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A weekend road trip took me back to Washington Island, off the tip of Wisconsin's Door County, for a whirlwind update on goings-on at the Washington Hotel and related concerns. Saturday night I had a delicately smoky whitefish pizza and some lip-smacking rosemary-fried olives at the hotel, but I passed on that night's prix fixe special because I'd had most of the same dishes for lunch in a sunnier (if buggier) environment--a field of young winter wheat.
The hotel had kicked off its summer calendar of culinary events that day with a four-course demo and meal by chef David Swanson, of Milwaukee's Braise on the Go traveling cooking school, which stages on-site cooking classes on farms and other nontraditional venues (an orchard, a brewery) as a way of shortening the loop between consumer and farmer and putting people in touch with the sources of their food. If you're worried about food miles, he says, eating apple pie three feet from the tree that bore it can really put your mind at ease.
Swanson's a Kendall College grad who's dropped Escoffier science at Le Titi de Paris, Carlos', and the now-shuttered Le Francais, where under Roland Liccioni he rose from line cook to sous chef. Most recently he spent six years as chef de cusine at Milwaukee's Sanford. During that time the restaurant won a James Beard "best of the midwest" award. He's also the head of Slow Food's southeastern Wisconsin convivium. His master plan is to be chef and owner of Braise, the restaurant, but meanwhile Braise on the Go is a way of "taking the drama out of fine dining"--you don't have to go to a fancy restaurant to have a great meal; you can eat just as well dive-bombed by butterflies in the middle of the back 40.
So I ate in the wheat field. First up: grilled asparagus from Blue Valley Gardens in Mount Horeb ("the best asparagus in the world") with prosciutto and truffle honey. Brush the 'gus with grape seed or olive oil and grill; lay four or five spears over a few slices of prosciutto, drizzle with truffle-infused honey, and top with thinly shaved Parmesan and black pepper. Sweet honey, salty meat, and that elusively sulfuric asparagus burn make an unpredictable combination of clean, pure flavors. (Click the images link below for pictures of this and more.) Caplan paired the appetizer with an Alsatian blend of muscat and riesling that's high enough in acid to stand up to the veg sommeliers across the land refer to as the "wine killer."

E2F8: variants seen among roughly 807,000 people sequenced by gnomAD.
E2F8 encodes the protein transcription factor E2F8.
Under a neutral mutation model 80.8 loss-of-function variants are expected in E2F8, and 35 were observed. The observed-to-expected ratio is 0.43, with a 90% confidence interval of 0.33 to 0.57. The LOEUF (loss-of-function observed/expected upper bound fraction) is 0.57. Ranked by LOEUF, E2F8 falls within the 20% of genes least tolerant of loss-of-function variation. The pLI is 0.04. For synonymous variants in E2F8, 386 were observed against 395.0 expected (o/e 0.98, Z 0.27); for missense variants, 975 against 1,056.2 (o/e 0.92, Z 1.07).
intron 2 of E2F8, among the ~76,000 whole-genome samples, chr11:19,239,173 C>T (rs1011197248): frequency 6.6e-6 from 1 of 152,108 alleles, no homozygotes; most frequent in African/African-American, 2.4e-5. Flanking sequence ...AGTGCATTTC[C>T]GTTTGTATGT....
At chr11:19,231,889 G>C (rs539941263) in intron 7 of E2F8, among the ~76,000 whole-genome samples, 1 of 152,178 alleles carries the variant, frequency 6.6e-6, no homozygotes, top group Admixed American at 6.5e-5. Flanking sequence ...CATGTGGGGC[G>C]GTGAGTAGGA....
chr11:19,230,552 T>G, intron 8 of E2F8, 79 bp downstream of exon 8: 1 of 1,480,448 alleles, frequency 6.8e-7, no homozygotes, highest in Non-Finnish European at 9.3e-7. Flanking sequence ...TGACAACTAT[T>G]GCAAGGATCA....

The spring panzanella that followed was the hit of the day, and also supersimple. Dress slightly toasted chunks of day-old bread in a lemon and garlic vinaigrette, then toss with fresh spring peas, diced cucumber, handfuls of torn mizuna, and a chiffonade of mint. Top with a healthy dash of creamy mint dressing and season with salt and pepper.
Third course: spring saute with grilled lamb. Grill lamb chops, marinated overnight in a balsamic reduction liberally spiked with marjoram, thyme, and rosemary, to taste. Meanwhile, render some diced pancetta in a saucepan, then add diced potatoes and cook until golden. Add morels and ramps foraged on the island and some garlic and--when all is tender--pour in some veal stock to give the stuff body. Serve lamb over veggies.
Dessert was vodka-braised strawberries with black pepper served over tangy creme fraiche infused with orange zest and topped with granola, an addictive blend that left me wondering just why we can't all just eat bowls of creme fraiche every day. When Swanson and Caplan revamped the menu for that night's dinner at the hotel, the strawberries were served over a sweet pavlova, the creme fraiche relegated to a top note. It was more sophisticated, and less deadly, but the plain old big bowl of cream still gets my vote.
The wheat field is one of many on Washington Island donated by landowners to a wheat-growing initiative spearheaded by the hotel and organized by brother farmers Tom and Ken Koyen. The grain is stone ground at the hotel, used in all its baked goods, and sold retail as flour. Surplus is shipped to Capital Brewery outside Madison, where it's used in the brewery's popular Island Wheat Ale. Madison's also the home base for Death's Door Spririts, which last week launched a gin made from island wheat and flavored with juniper and other island-grown botanicals with festivities both on the island and down in Madison. To my knowlege I've got Chicago's first and only bottles of the stuff sitting in my kitchen right now--but I haven't tried it yet, so the tasting notes on that will have to come later.